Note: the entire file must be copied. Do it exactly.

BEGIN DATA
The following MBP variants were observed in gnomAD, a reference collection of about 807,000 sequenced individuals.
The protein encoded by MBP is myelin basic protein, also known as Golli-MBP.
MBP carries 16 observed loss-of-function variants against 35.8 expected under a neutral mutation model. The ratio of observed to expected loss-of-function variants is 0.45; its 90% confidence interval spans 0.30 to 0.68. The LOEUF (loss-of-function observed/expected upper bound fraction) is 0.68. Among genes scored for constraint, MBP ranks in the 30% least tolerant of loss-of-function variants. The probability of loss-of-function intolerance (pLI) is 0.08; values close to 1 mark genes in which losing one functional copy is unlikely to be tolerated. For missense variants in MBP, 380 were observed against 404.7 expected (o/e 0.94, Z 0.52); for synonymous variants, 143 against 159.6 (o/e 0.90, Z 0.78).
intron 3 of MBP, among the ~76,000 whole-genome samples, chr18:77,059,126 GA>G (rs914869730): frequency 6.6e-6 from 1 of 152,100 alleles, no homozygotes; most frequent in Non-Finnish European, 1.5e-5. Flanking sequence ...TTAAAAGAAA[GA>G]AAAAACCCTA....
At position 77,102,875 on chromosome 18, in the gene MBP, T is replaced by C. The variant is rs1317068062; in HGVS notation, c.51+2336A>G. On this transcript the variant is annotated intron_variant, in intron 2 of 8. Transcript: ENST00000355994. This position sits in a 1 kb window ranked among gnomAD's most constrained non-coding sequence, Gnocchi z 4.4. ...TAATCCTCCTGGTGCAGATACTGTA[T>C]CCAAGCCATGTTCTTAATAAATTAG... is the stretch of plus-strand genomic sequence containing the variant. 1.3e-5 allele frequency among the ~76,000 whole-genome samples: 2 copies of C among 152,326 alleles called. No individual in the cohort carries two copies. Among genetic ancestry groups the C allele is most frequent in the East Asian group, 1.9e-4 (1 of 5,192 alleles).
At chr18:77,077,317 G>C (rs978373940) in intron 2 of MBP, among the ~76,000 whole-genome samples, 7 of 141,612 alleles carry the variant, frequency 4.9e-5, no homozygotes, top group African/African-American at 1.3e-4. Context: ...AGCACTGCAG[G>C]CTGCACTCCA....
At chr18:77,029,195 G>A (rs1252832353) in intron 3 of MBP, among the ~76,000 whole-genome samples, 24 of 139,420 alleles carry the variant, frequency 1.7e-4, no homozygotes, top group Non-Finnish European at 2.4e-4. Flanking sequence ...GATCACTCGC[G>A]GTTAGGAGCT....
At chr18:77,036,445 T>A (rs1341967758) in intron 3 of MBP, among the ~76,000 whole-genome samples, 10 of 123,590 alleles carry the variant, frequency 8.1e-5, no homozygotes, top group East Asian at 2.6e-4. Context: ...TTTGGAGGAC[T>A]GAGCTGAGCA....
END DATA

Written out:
The following MBP variants were observed in gnomAD, a reference collection of about 807,000 sequenced individuals.
The protein encoded by MBP is myelin basic protein, also known as Golli-MBP.
MBP carries 16 observed loss-of-function variants against 35.8 expected under a neutral mutation model. The ratio of observed to expected loss-of-function variants is 0.45; its 90% confidence interval spans 0.30 to 0.68. The LOEUF (loss-of-function observed/expected upper bound fraction) is 0.68. Among genes scored for constraint, MBP ranks in the 30% least tolerant of loss-of-function variants. The probability of loss-of-function intolerance (pLI) is 0.08; values close to 1 mark genes in which losing one functional copy is unlikely to be tolerated. For missense variants in MBP, 380 were observed against 404.7 expected (o/e 0.94, Z 0.52); for synonymous variants, 143 against 159.6 (o/e 0.90, Z 0.78).
intron 3 of MBP, among the ~76,000 whole-genome samples, chr18:77,059,126 GA>G (rs914869730): frequency 6.6e-6 from 1 of 152,100 alleles, no homozygotes; most frequent in Non-Finnish European, 1.5e-5. Flanking sequence ...TTAAAAGAAA[GA>G]AAAAACCCTA....
At position 77,102,875 on chromosome 18, in the gene MBP, T is replaced by C. The variant is rs1317068062; in HGVS notation, c.51+2336A>G. On this transcript the variant is annotated intron_variant, in intron 2 of 8. Transcript: ENST00000355994. This position sits in a 1 kb window ranked among gnomAD's most constrained non-coding sequence, Gnocchi z 4.4. ...TAATCCTCCTGGTGCAGATACTGTA[T>C]CCAAGCCATGTTCTTAATAAATTAG... is the stretch of plus-strand genomic sequence containing the variant. 1.3e-5 allele frequency among the ~76,000 whole-genome samples: 2 copies of C among 152,326 alleles called. No individual in the cohort carries two copies. Among genetic ancestry groups the C allele is most frequent in the East Asian group, 1.9e-4 (1 of 5,192 alleles).
At chr18:77,077,317 G>C (rs978373940) in intron 2 of MBP, among the ~76,000 whole-genome samples, 7 of 141,612 alleles carry the variant, frequency 4.9e-5, no homozygotes, top group African/African-American at 1.3e-4. Context: ...AGCACTGCAG[G>C]CTGCACTCCA....
At chr18:77,029,195 G>A (rs1252832353) in intron 3 of MBP, among the ~76,000 whole-genome samples, 24 of 139,420 alleles carry the variant, frequency 1.7e-4, no homozygotes, top group Non-Finnish European at 2.4e-4. Flanking sequence ...GATCACTCGC[G>A]GTTAGGAGCT....
At chr18:77,036,445 T>A (rs1341967758) in intron 3 of MBP, among the ~76,000 whole-genome samples, 10 of 123,590 alleles carry the variant, frequency 8.1e-5, no homozygotes, top group East Asian at 2.6e-4. Context: ...TTTGGAGGAC[T>A]GAGCTGAGCA....